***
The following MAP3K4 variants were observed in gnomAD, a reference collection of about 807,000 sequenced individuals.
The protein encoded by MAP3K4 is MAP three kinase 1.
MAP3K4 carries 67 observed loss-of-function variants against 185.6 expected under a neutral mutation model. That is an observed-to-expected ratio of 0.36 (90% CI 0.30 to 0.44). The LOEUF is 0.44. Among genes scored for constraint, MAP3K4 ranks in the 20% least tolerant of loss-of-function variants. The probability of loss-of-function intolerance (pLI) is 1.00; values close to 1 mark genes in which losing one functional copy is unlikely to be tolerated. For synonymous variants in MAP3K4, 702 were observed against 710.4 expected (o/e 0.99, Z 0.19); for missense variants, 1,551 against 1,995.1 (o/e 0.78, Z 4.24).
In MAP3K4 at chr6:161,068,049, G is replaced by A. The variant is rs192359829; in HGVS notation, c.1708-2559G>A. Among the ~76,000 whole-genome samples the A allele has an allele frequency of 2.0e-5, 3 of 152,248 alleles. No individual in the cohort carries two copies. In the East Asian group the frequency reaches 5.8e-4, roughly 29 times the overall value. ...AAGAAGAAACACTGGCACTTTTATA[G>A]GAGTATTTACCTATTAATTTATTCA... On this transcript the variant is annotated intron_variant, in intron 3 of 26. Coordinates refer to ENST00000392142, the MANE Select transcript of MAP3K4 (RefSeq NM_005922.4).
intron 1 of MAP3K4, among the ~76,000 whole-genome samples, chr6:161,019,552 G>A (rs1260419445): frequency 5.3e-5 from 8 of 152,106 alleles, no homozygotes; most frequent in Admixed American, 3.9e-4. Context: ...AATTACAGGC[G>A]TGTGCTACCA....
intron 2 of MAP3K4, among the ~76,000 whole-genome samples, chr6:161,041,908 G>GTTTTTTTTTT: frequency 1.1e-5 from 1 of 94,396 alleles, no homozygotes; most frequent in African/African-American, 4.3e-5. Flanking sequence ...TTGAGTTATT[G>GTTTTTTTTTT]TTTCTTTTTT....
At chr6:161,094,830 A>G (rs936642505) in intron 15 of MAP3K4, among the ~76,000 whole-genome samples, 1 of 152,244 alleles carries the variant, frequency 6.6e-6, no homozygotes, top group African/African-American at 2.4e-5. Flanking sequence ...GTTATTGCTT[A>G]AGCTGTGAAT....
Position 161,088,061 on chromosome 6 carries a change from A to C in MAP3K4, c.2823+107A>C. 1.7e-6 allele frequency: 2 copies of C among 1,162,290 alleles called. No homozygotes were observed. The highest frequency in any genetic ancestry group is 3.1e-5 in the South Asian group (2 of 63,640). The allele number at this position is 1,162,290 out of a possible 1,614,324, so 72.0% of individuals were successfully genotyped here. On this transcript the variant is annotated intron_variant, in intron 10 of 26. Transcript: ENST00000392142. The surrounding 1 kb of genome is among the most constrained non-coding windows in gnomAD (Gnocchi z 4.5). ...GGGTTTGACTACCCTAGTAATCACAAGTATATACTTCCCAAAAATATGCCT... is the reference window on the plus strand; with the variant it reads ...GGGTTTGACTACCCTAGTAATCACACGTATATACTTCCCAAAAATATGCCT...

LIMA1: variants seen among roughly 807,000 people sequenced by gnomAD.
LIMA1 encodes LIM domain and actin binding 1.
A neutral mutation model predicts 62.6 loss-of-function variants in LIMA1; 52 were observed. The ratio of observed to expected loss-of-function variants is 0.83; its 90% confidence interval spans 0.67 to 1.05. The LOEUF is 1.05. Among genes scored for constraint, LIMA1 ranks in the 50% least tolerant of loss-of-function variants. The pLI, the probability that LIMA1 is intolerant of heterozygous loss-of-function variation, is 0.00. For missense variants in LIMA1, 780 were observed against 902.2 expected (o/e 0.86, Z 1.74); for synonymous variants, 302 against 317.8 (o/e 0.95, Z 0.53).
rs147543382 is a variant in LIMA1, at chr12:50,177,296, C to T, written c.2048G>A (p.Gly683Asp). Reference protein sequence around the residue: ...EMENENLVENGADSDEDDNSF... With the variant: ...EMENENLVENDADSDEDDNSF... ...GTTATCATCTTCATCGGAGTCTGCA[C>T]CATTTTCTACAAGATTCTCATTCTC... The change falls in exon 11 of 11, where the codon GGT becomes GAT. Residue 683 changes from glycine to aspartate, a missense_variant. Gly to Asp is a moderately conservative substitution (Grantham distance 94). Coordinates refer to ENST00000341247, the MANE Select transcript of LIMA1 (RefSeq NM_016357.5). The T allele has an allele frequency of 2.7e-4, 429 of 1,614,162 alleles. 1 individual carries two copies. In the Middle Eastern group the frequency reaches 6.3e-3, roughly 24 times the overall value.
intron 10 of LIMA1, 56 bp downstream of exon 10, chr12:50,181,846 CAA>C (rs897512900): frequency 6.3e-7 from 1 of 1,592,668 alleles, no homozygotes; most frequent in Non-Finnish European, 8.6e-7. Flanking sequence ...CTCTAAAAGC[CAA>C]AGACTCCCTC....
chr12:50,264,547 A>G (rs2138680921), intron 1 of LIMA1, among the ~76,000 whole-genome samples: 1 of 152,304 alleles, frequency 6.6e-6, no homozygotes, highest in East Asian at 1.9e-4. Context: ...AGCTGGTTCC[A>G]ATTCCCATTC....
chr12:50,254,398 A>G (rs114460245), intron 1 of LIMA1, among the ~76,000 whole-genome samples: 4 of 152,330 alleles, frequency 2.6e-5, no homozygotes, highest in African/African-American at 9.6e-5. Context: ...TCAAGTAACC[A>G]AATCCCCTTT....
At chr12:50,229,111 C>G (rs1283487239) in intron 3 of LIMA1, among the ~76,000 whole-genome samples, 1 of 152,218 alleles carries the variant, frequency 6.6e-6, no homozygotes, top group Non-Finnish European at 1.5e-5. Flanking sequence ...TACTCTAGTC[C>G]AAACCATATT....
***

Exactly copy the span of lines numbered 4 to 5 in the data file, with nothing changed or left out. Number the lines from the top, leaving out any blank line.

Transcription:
In MAP3K4 at chr6:161,068,049, G is replaced by A. The variant is rs192359829; in HGVS notation, c.1708-2559G>A. Among the ~76,000 whole-genome samples the A allele has an allele frequency of 2.0e-5, 3 of 152,248 alleles. No individual in the cohort carries two copies. In the East Asian group the frequency reaches 5.8e-4, roughly 29 times the overall value. ...AAGAAGAAACACTGGCACTTTTATA[G>A]GAGTATTTACCTATTAATTTATTCA... On this transcript the variant is annotated intron_variant, in intron 3 of 26. Coordinates refer to ENST00000392142, the MANE Select transcript of MAP3K4 (RefSeq NM_005922.4).
intron 1 of MAP3K4, among the ~76,000 whole-genome samples, chr6:161,019,552 G>A (rs1260419445): frequency 5.3e-5 from 8 of 152,106 alleles, no homozygotes; most frequent in Admixed American, 3.9e-4. Context: ...AATTACAGGC[G>A]TGTGCTACCA....